3. Jeff says:

    I would like to see a division of the financing of actuarially sound retirement and insurance benefits from the redistributive elements of Social Security. By doing so, I’d expect the redistributive elements to be subject to useful scrutiny, viewing them in the context of other social welfare spending. I don’t see why social welfare through done through the Social Security system should be financed by a flat tax on just wage income and then only up to a certain point or why certain government employees should be exempted from paying the system’s taxes on their wages.

  4. Shaza Ahmef says:

    My name is shaza I received social security disbity income but it’s 2 low to pay even my rent I was working 2 job full time Iam only get Now 758 dollers iam now suffer to get place that mon is not enough And Idnot know why it should be more than that I want fair distion

  5. Michael Bindner says:

    The answer to the the problem of higher net interest is obvious: higher taxes on the economic strata of those who receive it, which includes the wealthy and the upper middle class who can afford to save.

    Social Security does need more revenue, with lower benefits for the rich and better benefits for poorer retirees. We can do that by lowering the income cap on the employee contribution while crediting the employer contribution equally, raising credits enough to also put in an income floor so that we can end the EITC and raise the Child Tax Credit (which is the best way to expand the economy). The advanced version of reform has personal retirement accounts holding employer voting stock, which would remove the public liability for retirement savings while ending the power of capitalists.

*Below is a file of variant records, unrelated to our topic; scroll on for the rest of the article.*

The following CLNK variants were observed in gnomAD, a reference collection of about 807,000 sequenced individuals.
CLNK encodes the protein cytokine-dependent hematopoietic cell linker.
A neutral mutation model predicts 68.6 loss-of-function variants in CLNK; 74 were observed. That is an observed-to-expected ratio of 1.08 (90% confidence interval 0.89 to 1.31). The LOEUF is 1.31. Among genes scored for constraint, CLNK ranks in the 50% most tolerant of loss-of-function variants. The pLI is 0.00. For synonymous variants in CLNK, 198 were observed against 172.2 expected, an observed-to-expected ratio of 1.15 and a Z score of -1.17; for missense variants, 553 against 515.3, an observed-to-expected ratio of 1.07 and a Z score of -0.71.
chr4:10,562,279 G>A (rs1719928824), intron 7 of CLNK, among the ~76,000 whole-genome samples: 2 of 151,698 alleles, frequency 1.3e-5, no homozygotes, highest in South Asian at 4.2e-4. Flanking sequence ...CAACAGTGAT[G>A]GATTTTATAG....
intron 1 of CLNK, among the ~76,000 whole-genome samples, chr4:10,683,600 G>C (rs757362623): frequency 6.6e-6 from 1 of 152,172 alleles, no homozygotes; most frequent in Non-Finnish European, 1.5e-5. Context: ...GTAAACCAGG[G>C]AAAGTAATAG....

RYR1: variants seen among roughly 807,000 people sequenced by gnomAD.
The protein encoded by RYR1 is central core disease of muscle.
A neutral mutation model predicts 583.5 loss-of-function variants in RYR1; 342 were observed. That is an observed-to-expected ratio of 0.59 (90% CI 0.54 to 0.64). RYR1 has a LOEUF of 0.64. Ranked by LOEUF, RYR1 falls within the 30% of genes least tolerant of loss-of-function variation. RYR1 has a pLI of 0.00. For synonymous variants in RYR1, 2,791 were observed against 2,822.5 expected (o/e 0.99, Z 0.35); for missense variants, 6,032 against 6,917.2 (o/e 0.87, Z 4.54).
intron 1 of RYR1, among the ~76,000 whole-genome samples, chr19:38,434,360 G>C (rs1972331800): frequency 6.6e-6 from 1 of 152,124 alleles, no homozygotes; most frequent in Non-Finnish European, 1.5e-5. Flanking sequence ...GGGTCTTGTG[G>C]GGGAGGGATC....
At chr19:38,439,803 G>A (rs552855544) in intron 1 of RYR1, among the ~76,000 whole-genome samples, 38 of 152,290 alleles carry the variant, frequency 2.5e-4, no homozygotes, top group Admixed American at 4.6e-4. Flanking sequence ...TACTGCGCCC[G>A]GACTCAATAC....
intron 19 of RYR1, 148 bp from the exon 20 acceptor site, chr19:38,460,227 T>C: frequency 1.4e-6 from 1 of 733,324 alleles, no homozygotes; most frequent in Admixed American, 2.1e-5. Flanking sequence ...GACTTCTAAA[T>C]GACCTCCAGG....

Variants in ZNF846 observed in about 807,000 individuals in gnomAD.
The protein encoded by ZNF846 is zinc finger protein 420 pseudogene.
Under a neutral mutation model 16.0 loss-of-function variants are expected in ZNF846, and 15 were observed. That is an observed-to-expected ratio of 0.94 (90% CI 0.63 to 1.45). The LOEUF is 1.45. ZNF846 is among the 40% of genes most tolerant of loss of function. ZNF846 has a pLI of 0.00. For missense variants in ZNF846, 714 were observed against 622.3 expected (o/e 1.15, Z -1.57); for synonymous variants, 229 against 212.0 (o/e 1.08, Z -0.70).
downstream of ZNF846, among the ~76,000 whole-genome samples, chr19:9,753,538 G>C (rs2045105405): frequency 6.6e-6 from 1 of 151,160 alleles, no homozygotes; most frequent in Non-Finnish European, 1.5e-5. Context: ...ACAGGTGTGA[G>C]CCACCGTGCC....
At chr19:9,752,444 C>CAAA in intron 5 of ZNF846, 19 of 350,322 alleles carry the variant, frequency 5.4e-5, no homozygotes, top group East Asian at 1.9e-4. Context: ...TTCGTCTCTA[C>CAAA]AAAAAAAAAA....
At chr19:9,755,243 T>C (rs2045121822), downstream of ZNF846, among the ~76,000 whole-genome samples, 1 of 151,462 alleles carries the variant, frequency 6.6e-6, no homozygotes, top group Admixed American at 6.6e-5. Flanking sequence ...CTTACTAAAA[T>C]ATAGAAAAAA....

6. I agree with your suggestion. I think where people get nervous is when suggestions are made about cuts to those currently on benefits. I agree that something must be done to make it more sustainable and fair, however, when you suggest that people who are about to retire should get cuts in benefits they are expecting, or those who are on benefits who have clearly earned it, then that’s where the issue comes in.